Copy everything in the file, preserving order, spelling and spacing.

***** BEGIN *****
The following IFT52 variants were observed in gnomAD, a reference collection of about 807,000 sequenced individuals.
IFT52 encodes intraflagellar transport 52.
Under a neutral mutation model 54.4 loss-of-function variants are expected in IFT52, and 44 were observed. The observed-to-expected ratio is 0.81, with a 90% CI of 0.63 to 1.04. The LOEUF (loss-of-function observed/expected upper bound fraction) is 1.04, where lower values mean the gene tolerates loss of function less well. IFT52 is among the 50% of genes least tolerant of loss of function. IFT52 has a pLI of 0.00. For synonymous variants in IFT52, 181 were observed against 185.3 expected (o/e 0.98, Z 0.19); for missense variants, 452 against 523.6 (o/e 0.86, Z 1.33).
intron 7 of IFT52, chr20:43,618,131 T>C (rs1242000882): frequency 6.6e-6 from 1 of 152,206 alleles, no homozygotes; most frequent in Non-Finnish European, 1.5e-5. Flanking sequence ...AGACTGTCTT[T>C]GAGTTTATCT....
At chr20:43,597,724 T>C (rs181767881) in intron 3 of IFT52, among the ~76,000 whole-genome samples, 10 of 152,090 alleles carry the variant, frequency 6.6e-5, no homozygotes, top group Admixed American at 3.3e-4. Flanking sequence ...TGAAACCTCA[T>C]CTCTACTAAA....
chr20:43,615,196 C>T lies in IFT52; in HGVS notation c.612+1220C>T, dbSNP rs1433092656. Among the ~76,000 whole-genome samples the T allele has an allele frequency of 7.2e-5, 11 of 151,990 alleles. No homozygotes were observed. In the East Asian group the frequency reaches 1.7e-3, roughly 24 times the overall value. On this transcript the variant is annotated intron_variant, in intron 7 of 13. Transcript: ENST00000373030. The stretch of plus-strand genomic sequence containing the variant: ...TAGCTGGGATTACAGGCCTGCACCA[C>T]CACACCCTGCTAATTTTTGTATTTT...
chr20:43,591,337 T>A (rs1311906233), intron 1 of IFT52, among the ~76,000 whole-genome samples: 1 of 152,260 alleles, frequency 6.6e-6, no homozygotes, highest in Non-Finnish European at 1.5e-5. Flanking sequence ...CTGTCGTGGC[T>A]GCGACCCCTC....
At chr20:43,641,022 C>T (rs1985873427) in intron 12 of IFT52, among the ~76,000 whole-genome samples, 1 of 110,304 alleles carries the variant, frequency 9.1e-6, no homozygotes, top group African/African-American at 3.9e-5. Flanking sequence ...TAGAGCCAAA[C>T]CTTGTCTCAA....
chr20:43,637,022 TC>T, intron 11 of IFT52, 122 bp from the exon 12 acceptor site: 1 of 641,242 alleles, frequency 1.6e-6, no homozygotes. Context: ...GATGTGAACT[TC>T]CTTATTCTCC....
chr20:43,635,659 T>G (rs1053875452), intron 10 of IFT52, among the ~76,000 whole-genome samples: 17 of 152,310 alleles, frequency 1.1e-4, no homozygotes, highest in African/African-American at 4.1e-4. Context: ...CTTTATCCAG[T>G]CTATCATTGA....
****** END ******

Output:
The following IFT52 variants were observed in gnomAD, a reference collection of about 807,000 sequenced individuals.
IFT52 encodes intraflagellar transport 52.
Under a neutral mutation model 54.4 loss-of-function variants are expected in IFT52, and 44 were observed. The observed-to-expected ratio is 0.81, with a 90% CI of 0.63 to 1.04. The LOEUF (loss-of-function observed/expected upper bound fraction) is 1.04, where lower values mean the gene tolerates loss of function less well. IFT52 is among the 50% of genes least tolerant of loss of function. IFT52 has a pLI of 0.00. For synonymous variants in IFT52, 181 were observed against 185.3 expected (o/e 0.98, Z 0.19); for missense variants, 452 against 523.6 (o/e 0.86, Z 1.33).
intron 7 of IFT52, chr20:43,618,131 T>C (rs1242000882): frequency 6.6e-6 from 1 of 152,206 alleles, no homozygotes; most frequent in Non-Finnish European, 1.5e-5. Flanking sequence ...AGACTGTCTT[T>C]GAGTTTATCT....
At chr20:43,597,724 T>C (rs181767881) in intron 3 of IFT52, among the ~76,000 whole-genome samples, 10 of 152,090 alleles carry the variant, frequency 6.6e-5, no homozygotes, top group Admixed American at 3.3e-4. Flanking sequence ...TGAAACCTCA[T>C]CTCTACTAAA....
chr20:43,615,196 C>T lies in IFT52; in HGVS notation c.612+1220C>T, dbSNP rs1433092656. Among the ~76,000 whole-genome samples the T allele has an allele frequency of 7.2e-5, 11 of 151,990 alleles. No homozygotes were observed. In the East Asian group the frequency reaches 1.7e-3, roughly 24 times the overall value. On this transcript the variant is annotated intron_variant, in intron 7 of 13. Transcript: ENST00000373030. The stretch of plus-strand genomic sequence containing the variant: ...TAGCTGGGATTACAGGCCTGCACCA[C>T]CACACCCTGCTAATTTTTGTATTTT...
chr20:43,591,337 T>A (rs1311906233), intron 1 of IFT52, among the ~76,000 whole-genome samples: 1 of 152,260 alleles, frequency 6.6e-6, no homozygotes, highest in Non-Finnish European at 1.5e-5. Flanking sequence ...CTGTCGTGGC[T>A]GCGACCCCTC....
At chr20:43,641,022 C>T (rs1985873427) in intron 12 of IFT52, among the ~76,000 whole-genome samples, 1 of 110,304 alleles carries the variant, frequency 9.1e-6, no homozygotes, top group African/African-American at 3.9e-5. Flanking sequence ...TAGAGCCAAA[C>T]CTTGTCTCAA....
chr20:43,637,022 TC>T, intron 11 of IFT52, 122 bp from the exon 12 acceptor site: 1 of 641,242 alleles, frequency 1.6e-6, no homozygotes. Context: ...GATGTGAACT[TC>T]CTTATTCTCC....
chr20:43,635,659 T>G (rs1053875452), intron 10 of IFT52, among the ~76,000 whole-genome samples: 17 of 152,310 alleles, frequency 1.1e-4, no homozygotes, highest in African/African-American at 4.1e-4. Context: ...CTTTATCCAG[T>G]CTATCATTGA....